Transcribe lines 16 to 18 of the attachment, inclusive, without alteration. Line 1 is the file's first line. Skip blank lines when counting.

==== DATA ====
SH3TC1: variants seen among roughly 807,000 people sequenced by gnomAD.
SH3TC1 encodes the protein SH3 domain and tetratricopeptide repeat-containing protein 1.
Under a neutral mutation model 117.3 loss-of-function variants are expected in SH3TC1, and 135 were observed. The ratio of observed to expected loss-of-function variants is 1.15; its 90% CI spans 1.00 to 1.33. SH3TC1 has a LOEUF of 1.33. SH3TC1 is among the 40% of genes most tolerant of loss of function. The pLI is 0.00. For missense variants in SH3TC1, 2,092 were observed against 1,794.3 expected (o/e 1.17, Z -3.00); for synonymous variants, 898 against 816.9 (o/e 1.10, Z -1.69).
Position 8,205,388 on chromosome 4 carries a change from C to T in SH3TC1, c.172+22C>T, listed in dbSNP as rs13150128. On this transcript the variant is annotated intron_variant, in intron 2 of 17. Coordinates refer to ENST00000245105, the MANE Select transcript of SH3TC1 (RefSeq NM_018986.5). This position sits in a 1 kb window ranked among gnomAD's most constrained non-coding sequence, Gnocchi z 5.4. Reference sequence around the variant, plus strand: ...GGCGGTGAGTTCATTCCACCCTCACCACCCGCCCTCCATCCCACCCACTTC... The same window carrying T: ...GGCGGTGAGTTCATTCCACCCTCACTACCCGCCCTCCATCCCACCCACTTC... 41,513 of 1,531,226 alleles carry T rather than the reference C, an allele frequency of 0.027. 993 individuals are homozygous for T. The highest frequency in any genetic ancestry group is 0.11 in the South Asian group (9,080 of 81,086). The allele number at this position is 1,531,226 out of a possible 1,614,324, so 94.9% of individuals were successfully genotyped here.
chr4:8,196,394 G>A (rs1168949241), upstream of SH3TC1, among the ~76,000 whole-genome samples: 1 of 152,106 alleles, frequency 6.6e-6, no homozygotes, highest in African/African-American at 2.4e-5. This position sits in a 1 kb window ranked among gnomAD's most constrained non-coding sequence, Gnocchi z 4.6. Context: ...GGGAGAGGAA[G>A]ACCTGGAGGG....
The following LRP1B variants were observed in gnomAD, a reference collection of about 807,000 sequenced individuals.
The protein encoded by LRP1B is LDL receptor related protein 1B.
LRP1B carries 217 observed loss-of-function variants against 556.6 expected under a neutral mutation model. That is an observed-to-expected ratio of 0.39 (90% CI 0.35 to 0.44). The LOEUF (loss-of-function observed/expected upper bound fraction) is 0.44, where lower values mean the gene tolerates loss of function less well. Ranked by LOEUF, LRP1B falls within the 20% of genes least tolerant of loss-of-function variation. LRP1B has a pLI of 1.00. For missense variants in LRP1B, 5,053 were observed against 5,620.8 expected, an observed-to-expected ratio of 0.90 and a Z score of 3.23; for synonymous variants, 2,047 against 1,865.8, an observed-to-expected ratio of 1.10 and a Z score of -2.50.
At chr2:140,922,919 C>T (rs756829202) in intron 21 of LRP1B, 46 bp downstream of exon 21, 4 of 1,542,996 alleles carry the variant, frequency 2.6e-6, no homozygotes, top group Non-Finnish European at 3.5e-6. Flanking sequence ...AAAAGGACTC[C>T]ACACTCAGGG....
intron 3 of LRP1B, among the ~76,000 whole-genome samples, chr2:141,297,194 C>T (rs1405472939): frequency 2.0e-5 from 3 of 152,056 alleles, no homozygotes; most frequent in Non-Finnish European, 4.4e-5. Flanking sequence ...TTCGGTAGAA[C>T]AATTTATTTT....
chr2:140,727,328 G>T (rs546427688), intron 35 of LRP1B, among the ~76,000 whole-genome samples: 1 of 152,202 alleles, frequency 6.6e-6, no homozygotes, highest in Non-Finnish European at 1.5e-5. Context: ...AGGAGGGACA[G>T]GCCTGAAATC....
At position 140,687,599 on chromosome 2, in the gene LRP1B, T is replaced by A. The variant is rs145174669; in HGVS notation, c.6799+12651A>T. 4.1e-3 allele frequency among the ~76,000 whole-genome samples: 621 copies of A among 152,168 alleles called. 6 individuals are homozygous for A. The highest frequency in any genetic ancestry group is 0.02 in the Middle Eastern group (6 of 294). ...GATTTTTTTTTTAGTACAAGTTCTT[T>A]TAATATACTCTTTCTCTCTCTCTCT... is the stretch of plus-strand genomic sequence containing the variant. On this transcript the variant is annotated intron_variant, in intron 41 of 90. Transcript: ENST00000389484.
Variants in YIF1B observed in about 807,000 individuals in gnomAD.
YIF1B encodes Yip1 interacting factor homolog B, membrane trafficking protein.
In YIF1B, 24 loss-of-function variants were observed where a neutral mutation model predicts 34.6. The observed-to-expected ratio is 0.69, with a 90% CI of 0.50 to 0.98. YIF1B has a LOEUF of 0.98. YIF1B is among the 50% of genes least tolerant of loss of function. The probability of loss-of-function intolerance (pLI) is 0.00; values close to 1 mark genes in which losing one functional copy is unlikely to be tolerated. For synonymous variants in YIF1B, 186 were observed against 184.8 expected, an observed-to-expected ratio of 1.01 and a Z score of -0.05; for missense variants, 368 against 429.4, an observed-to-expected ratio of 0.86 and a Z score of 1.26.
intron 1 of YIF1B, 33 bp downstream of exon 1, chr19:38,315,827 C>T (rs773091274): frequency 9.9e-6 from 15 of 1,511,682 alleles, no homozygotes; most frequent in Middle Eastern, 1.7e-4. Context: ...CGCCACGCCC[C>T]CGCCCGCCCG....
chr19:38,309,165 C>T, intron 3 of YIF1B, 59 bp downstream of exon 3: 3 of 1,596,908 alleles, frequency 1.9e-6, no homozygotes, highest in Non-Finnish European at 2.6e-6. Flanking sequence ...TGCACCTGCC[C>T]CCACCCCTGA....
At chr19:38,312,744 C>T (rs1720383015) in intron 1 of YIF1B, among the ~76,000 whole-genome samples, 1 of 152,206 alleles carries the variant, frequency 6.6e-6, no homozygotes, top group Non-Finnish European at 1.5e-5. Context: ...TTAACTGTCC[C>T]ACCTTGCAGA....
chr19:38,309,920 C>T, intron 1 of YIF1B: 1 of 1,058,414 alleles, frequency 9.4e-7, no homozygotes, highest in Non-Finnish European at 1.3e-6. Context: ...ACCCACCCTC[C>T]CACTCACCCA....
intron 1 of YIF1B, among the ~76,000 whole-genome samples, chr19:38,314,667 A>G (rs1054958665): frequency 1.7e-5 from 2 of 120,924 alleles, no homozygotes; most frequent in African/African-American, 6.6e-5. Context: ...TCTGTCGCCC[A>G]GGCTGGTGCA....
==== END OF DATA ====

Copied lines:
intron 1 of YIF1B, 33 bp downstream of exon 1, chr19:38,315,827 C>T (rs773091274): frequency 9.9e-6 from 15 of 1,511,682 alleles, no homozygotes; most frequent in Middle Eastern, 1.7e-4. Context: ...CGCCACGCCC[C>T]CGCCCGCCCG....
chr19:38,309,165 C>T, intron 3 of YIF1B, 59 bp downstream of exon 3: 3 of 1,596,908 alleles, frequency 1.9e-6, no homozygotes, highest in Non-Finnish European at 2.6e-6. Flanking sequence ...TGCACCTGCC[C>T]CCACCCCTGA....
At chr19:38,312,744 C>T (rs1720383015) in intron 1 of YIF1B, among the ~76,000 whole-genome samples, 1 of 152,206 alleles carries the variant, frequency 6.6e-6, no homozygotes, top group Non-Finnish European at 1.5e-5. Context: ...TTAACTGTCC[C>T]ACCTTGCAGA....